Montessori at Home: How To Set Up your Space

Imagine a beautiful Montessori space. You might imagine shelves lined with colorful, attractive materials set up on trays. In your mind, it’s clear what an ideal Montessori environment might include.

But, when it comes to doing Montessori in your own home, you may wonder how to get started? It’s normal to feel overwhelmed by the task at hand. However, don’t let those feelings keep you from setting up your space. Follow these tips to get started:

Montessori Set up

 

Beautiful Space

In your home, you get to choose the design and look of your space! But, the key to making a great Montessori space for your materials is to keep things simple. The idea is that you don’t distract from the materials with too many décor items or accessories.

For example, in Yannis’ space, we have a few simple, natural wood shelves for materials and a large carpet for him to work on. We also have a table and chair, also made of natural wood. I’ve placed a few plants on the shelves as décor in addition to his materials. We’re also lucky to have plenty of natural light in his workspace.

However, pick shelves and décor items that work well in your home. Just remember, simple is better!

Independence

Because you’re doing Montessori in your home, you need to think about more than just the workspace. Young children also need some tools so they can complete certain tasks independently.

As Montessori famously said, “Never help a child with a task at which he feels he can succeed.” That means that even as toddlers, children should be allowed to dress, wash their hands, change their shoes and make snacks on their own.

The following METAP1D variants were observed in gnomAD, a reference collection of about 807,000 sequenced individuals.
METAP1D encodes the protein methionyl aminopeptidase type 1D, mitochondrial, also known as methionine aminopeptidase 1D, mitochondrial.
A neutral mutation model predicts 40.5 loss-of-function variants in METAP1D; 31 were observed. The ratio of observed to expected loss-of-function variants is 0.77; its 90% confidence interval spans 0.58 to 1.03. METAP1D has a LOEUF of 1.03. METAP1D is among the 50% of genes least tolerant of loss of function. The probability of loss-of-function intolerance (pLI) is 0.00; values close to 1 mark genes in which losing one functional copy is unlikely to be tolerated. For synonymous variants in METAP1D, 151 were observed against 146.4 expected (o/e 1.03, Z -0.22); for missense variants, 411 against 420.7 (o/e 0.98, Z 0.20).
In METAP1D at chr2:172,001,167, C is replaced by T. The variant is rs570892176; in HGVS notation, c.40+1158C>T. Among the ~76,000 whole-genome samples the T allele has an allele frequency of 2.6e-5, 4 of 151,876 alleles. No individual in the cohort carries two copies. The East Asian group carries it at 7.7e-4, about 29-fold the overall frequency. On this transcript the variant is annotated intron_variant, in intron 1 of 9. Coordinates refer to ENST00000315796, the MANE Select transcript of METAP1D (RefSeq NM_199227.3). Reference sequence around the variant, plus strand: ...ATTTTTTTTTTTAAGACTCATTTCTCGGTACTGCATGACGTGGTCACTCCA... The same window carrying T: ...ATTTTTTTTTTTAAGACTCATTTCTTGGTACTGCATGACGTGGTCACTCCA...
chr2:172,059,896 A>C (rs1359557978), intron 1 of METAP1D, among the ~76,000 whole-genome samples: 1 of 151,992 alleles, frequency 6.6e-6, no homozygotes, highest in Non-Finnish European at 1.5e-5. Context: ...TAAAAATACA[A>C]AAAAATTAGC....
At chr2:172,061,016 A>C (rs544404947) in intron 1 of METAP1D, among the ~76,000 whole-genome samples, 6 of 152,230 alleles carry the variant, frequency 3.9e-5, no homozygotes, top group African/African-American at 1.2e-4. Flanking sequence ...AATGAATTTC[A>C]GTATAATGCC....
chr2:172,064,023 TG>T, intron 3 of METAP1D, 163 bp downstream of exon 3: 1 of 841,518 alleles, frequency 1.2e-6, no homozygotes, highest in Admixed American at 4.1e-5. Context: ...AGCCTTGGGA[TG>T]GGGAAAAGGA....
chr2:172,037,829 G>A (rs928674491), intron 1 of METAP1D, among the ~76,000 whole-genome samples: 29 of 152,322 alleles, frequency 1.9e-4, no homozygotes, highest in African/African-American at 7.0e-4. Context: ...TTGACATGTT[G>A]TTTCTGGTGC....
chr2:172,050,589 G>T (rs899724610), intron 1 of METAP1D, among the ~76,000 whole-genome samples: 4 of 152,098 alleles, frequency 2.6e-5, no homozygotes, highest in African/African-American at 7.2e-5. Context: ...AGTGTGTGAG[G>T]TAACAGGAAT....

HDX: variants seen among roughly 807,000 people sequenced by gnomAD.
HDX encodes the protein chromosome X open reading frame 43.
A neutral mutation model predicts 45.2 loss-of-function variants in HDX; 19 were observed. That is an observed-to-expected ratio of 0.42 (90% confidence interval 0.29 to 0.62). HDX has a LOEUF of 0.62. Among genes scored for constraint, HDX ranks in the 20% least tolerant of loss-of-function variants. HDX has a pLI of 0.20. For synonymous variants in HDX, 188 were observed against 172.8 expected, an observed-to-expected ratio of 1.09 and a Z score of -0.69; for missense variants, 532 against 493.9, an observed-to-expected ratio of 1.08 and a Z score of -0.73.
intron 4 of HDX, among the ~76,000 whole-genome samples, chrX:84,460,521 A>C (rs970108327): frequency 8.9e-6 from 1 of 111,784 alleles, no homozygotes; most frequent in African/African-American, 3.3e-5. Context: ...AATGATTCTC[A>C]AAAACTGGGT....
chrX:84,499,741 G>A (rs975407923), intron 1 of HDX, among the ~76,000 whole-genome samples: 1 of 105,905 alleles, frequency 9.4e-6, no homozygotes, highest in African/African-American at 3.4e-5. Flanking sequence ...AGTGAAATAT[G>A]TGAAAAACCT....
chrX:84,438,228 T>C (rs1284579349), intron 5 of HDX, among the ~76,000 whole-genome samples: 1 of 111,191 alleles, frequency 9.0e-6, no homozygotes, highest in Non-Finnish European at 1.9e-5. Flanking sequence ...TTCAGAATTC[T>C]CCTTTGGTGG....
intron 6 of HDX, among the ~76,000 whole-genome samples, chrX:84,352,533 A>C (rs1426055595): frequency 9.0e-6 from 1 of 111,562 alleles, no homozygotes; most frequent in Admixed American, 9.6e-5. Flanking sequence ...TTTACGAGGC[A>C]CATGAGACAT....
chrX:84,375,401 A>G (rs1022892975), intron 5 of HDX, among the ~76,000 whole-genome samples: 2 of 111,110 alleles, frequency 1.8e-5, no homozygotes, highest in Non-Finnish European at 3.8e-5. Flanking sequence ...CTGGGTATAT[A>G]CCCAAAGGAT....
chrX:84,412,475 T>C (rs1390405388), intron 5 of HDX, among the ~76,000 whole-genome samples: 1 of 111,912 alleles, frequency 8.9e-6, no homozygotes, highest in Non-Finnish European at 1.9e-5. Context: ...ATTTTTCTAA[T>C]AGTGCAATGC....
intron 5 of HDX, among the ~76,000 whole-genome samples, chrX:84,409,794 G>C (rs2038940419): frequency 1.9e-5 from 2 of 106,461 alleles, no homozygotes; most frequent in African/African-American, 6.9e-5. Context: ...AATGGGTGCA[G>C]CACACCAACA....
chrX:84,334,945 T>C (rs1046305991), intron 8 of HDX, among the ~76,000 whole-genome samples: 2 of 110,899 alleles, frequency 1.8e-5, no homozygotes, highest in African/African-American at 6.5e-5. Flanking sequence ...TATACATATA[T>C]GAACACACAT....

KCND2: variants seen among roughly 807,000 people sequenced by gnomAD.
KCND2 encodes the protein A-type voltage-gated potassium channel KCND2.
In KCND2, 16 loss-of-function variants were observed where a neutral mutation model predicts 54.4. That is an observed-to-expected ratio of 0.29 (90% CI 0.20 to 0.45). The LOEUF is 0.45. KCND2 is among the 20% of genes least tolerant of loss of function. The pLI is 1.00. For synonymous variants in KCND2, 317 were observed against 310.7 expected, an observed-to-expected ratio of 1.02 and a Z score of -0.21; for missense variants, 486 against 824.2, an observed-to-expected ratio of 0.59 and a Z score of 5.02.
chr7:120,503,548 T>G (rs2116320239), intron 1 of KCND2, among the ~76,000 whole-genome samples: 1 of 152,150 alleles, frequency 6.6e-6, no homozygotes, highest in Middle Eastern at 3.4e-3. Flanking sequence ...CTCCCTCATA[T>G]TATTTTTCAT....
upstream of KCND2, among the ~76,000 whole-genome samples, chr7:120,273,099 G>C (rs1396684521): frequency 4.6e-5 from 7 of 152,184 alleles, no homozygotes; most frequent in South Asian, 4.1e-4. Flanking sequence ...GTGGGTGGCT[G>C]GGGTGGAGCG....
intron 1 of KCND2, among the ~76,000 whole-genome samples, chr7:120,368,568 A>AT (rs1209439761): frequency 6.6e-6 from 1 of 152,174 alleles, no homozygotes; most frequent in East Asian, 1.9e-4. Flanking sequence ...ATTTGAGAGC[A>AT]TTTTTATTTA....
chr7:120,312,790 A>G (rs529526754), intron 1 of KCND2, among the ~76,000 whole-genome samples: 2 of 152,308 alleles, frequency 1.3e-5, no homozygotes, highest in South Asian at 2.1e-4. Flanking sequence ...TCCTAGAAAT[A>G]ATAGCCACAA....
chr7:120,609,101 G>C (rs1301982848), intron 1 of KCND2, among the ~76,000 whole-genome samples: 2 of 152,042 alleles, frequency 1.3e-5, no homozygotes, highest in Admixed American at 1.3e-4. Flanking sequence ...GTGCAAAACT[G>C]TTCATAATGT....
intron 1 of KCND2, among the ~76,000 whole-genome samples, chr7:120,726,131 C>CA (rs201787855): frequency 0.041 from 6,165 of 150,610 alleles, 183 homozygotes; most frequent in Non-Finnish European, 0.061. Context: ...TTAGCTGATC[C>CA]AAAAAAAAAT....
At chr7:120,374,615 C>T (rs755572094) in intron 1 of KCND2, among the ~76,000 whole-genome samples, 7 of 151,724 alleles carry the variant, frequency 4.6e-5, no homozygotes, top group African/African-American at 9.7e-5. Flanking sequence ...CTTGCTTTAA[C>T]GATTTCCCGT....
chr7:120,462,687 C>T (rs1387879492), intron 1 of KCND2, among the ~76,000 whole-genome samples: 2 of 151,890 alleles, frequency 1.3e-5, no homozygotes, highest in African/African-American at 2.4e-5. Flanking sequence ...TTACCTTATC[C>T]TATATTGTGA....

So, add a stool to your bathroom so that your child can easily brush their teeth and wash their hands as independently as possible. Use a lower cabinet in your kitchen to keep bowls, cutlery, and simple snack items for your child as well. Place a stool in the kitchen as well. Or, add a child-sized table and chair where they can prepare snacks and eat.

These small changes will make a big difference in allowing your little one to do things on their own!

Child-Led Activities

Another important aspect of the Montessori philosophy is following the child. When children choose their own work, Montessori discovered that children were more motivated and learned even more quickly than if they were forced to do a task.So, notice what your child is interested in! Does your child love animals? Put animal books and animal matching activities on your shelves. Or, if your child likes picking up tiny objects, it might be time for some transfer work.

Montessori at Home
Montessori Shelf at 16 months

Simply make these activities available on your shelves, or invite your child to try them. Then, if your child says “no!”, listen. You can always offer the activity another time.

Now, you’re ready to set up your home to be Montessori-friendly!

Tell me about your experience in the comments below.

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